Disorders of the Soft Tissues

Your muscles, tendons, ligaments, and bursa are all susceptible to damage from daily stress and sports activities. These tissues can be stressed by an imbalance in muscle strength (when one muscle is much stronger than its opposing muscle), lack of flexibility, or weakness caused by a previous injury. A fall, a sudden twisting motion, or a blow to the body is sufficient to cause any of the following problems. Using the injured part before it has healed completely often leads to reinjury.

Bursitis

A bursa is a fluid-filled sac between a bone and a tendon or muscle that allows the tendon to slide smoothly over the bone. Bursitis occurs when repeated stress and overuse cause the bursa to become inflamed and swollen with excess fluid. Bursitis also can result from injury, rheumatoid arthritis, gout, or infection. Bursitis most often occurs in the shoulder but also can affect the hip, knee, elbow, Achilles tendon, or ankle. Often the nearby tendon also becomes swollen. Bursitis usually can be treated with rest, ice, and nonsteroidal anti-inflammatory medication. Occasionally it is necessary for a doctor to withdraw excess fluid from the bursa using a needle and syringe. If an infection is present, the doctor will prescribe antibiotics. If there is no infection, the doctor may inject a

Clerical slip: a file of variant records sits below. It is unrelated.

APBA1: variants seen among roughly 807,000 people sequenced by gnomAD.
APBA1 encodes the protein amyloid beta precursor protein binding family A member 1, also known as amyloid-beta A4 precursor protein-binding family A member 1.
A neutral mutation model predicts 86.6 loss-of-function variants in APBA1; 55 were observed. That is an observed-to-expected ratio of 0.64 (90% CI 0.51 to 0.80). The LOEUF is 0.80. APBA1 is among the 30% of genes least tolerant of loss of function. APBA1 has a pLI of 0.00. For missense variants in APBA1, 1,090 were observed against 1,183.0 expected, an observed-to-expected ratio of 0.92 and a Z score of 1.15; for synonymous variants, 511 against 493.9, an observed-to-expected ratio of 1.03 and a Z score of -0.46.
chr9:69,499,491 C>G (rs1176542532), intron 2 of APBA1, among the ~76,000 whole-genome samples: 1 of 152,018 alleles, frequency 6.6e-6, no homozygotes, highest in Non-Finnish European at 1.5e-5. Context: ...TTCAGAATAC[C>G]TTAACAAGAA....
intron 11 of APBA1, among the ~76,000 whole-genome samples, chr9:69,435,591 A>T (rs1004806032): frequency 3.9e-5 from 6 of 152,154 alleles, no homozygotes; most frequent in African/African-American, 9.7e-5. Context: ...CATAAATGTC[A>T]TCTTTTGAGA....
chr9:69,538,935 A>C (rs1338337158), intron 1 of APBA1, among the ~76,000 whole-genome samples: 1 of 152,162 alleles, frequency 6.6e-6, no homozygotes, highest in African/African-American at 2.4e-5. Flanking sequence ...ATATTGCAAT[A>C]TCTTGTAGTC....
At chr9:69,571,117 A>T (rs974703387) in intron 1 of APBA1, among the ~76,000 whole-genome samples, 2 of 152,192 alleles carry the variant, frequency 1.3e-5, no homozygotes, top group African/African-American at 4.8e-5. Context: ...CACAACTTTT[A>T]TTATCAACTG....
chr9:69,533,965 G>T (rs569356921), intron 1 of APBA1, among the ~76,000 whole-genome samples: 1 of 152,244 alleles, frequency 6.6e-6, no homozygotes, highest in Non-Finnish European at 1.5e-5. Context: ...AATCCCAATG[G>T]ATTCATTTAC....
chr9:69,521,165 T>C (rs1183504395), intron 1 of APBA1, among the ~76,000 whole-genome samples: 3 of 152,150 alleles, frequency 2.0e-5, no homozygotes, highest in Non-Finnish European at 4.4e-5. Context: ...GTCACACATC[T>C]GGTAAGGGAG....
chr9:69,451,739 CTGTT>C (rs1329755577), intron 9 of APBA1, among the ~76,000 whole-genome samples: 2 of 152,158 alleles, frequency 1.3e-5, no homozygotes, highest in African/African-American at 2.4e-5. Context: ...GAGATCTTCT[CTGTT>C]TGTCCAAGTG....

Common

Health

Concerns corticosteroid drug to relieve symptoms. Even with successful treatment, however, the condition may recur. If bursitis recurs frequently, the affected bursa may be removed in a minor surgical procedure called bursectomy.

Contusion

A contusion refers to a bruised muscle, tendon, or ligament. Following injury, blood pools (collects) in the injured area and discolors the skin. Most contusions respond well to RICE: rest, ice, compression, and elevation (see page 65). However, if you do not see improvement or if the pain worsens, contact your doctor as soon as possible so he or she can take steps to prevent permanent damage to the soft tissues.

Sprain versus Strain

Tendinitis

Tendons are cordlike tissues that connect muscle to bone. Inflammation of a tendon is called tendinitis. The condition usually results from excess friction between a tendon and a bone. Tendinitis usually occurs after long-term stress that aggravates a specific tendon. Professional athletes and workers engaged in repetitive job activities are at high risk for tendinitis. Although any tendon can become inflamed, the tendons of the shoulder, wrist, heel (Achilles tendon), and elbow are most susceptible to overuse injuries.

Symptoms of tendinitis include pain, tenderness, and, in some cases, restricted movement of the attached muscle.

Treatment of tendinitis may include making changes in your activities or routine, receiving corticosteroid injections, taking nonsteroidal anti-inflammatory medications such as aspirin or ibuprofen, splinting (immobilizing the tendon), and performing exercises to correct muscle strength imbalance and improve flexibility. Persistent inflammation that does not respond to other forms of treatment may require surgery.

Many people use the terms "sprain" and "strain" interchangeably. However, a sprain refers to stretching or tearing of ligaments (which connect bone to bone), while a strain refers to stretching or tearing of tendons (which connect muscle to bone) and their attached muscles. Sprains most often occur as a result of excessive twisting motion in the ankle, knee, or wrist. Strains often occur in the foot or leg. Mild sprains and strains are treated with RICE (see page 65) followed by gentle exercises to relieve the pain and restore mobility.

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